Pope Benedict XVI Never Aspired to Be Pope: Historian
After Pope Benedict XVI's announcement today that he will resign on Feb. 28, his older brother told The Associated Press that the pontiff had been advised by his doctor not to take any more transatlantic trips and had been considering stepping down for months.
Talking from his home in Regensburg in Germany, Monsignor Georg Ratzinger, 89, told the AP his younger brother, formerly Joseph Ratzinger, was having increasing difficulty walking and that his resignation was part of a "natural process."
"His age is weighing on him," Ratzinger said. "At this age, my brother wants more rest."
Pope Benedict XVI was the oldest pope to be elected at age 78 on April 19, 2005, but according to a Catholic historian, the now 85-year-old pontiff never aspired to become pope.
Writer and historian Michael Hesemann spent months interviewing Monsignor Georg Ratzinger at his home in Regensburg to capture the intimate details of his life with the pope, from childhood to papacy. The two brothers have always been close.
These interviews became Ratzinger's memoirs in a book titled "My Brother, The Pope," which came out last March.
Hesemann, 48, is a German Catholic and an expert in church history. In writing this book, Hesemann told ABC News in an interview last year, he was surprised to learn that the pope was an "unambitious" man, "a loner" growing up, who was content to be a theology professor in Germany and never aspired to rise through the Catholic ranks.
"[The pope] never wanted to become a bishop, he never wanted to become cardinal, he never wanted to go to Rome, for three times he resisted the call of Pope John Paul II to Rome, but eventually he had to be obedient to the pope … and certainly never wanted to be pope," Hesemann said at the time. "It was against his plan. It was the plan of God but was not the plan of Joseph Ratzinger."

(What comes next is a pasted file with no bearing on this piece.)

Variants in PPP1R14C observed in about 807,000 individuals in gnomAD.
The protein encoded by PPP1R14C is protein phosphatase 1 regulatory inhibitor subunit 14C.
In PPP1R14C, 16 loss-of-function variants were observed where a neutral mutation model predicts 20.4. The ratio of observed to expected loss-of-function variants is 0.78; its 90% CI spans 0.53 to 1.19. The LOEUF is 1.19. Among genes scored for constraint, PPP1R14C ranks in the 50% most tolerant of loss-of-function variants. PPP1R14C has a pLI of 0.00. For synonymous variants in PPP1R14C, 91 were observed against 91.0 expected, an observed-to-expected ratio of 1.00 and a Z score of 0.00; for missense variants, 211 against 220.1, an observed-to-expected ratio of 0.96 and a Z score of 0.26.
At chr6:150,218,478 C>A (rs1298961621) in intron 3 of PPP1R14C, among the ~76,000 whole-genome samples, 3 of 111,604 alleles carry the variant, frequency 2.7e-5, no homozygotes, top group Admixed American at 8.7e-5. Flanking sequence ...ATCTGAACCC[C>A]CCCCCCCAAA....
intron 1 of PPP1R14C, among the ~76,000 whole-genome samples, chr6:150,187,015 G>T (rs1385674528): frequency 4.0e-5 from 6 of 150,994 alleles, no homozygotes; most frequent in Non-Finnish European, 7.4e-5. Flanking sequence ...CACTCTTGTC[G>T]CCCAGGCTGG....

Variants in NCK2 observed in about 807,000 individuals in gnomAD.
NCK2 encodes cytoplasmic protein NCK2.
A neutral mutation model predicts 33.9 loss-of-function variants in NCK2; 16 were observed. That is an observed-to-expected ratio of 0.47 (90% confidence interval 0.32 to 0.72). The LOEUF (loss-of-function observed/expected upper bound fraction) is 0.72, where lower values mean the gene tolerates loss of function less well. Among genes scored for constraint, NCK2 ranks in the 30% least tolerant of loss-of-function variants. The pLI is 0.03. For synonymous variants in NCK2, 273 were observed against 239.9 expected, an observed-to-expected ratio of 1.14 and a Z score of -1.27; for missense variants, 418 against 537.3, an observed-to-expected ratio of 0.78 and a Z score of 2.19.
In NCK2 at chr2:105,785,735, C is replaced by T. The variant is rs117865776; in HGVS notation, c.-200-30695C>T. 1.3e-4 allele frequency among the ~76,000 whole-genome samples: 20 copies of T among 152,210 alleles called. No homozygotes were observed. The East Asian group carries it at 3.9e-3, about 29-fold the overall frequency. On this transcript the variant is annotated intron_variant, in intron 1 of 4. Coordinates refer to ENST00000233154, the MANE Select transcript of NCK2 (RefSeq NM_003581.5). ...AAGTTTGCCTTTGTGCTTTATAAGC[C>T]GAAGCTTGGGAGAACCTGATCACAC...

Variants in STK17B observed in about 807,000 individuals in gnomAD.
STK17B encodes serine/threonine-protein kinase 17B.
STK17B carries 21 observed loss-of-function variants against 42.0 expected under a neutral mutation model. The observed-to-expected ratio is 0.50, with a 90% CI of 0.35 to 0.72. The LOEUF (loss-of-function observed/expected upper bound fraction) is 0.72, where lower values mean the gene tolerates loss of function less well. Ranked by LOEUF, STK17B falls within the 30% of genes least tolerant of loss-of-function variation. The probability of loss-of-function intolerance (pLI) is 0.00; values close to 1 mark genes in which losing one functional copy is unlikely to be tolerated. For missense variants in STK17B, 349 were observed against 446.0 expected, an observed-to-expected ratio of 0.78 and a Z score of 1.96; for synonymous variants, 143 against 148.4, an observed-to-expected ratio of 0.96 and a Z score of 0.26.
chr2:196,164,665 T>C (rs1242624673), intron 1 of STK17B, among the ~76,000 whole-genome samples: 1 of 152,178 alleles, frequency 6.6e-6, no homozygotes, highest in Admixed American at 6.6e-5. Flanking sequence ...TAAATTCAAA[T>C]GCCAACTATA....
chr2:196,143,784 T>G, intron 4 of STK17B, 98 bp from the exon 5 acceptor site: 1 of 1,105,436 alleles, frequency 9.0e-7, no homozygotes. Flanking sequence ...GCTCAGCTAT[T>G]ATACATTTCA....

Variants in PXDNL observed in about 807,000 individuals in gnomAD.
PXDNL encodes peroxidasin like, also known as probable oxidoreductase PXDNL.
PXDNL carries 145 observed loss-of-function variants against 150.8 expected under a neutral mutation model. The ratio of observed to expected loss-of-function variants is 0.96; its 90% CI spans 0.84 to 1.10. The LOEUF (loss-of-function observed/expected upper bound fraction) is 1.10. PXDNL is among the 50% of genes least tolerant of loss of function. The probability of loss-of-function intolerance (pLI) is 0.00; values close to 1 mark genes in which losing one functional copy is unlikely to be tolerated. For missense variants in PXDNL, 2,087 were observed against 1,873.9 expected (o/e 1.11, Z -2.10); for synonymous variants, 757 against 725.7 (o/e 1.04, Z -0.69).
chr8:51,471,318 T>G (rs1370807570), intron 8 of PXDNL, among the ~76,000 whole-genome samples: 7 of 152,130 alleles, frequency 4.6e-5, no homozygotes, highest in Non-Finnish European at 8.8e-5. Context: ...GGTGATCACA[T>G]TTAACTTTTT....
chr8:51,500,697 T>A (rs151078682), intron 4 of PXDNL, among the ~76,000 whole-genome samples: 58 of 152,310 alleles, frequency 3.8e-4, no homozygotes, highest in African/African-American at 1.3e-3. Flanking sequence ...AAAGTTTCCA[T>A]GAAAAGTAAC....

Having written books about Pope John Paul I and Pope John Paul II, the Vatican granted Hesemann permission to write a biography about Pope Benedict XVI shortly after his election to the papacy in April 2005. It was after that the biographer said he developed a strong interest in interviewing Pope Benedict's older brother, Georg Ratzinger. After waiting almost six years, Hesemann said the monsignor agreed to have him record his memoirs.
Hesemann made it clear that this book, "My Brother, the Pope," was not commissioned by the Vatican, and was produced in a publishing house in Germany, not by the Vatican library. But the writer admitted that the Holy Father's personal secretary, Monsignor Georg Gänswein, did fact-check the book with Pope Benedict because Georg Ratzinger is almost completely blind and couldn't proofread it.
Long before he was named pope himself, Joseph Ratzinger had the ear of Pope John Paul II, and served as his close adviser. Hesemann said Pope John Paul II often sought Ratzinger's advice and the two would have collaborated on how best to offer the famous grand apologies Pope John Paul II made for the wrongdoings of the Catholic Church.
"In every step John Paul II made, you have one way or the other, an influence of the Ratzinger theology," Hesemann said. "John Paul II was a wonderful communicator but, as they say, he was not a great theological professor, he was not a teacher of theology, he was not a theological genius, and so he needed Ratzinger."
But having his brother named pope "shocked" Georg Ratzinger at first, not because he was jealous, Hesemann said, but because Georg knew it meant he would not be able to retire and travel with his brother as they both had planned.
"It was a shock for him, it was a shock. He was deeply depressed," Hesemann said. "He did not go to the phone for one day. His brother the pope tried to call him many times and in the end, eventually, the housekeeper went to the phone, and picked it up, and there's the pope on the other line. He wanted to talk to his brother, and so for him, he said, 'Oh, my God, I don't want to talk to anybody, this is the worst thing that could happen because now it's like I don't have a brother anymore, he won't have any time for me.'"
Hesemann said Georg would travel to Rome four times a year to spend time with the pope.
"He's happy to have him be the pope," Hesemann said. "[But] he is missing his brother. He would like to have his brother at his side."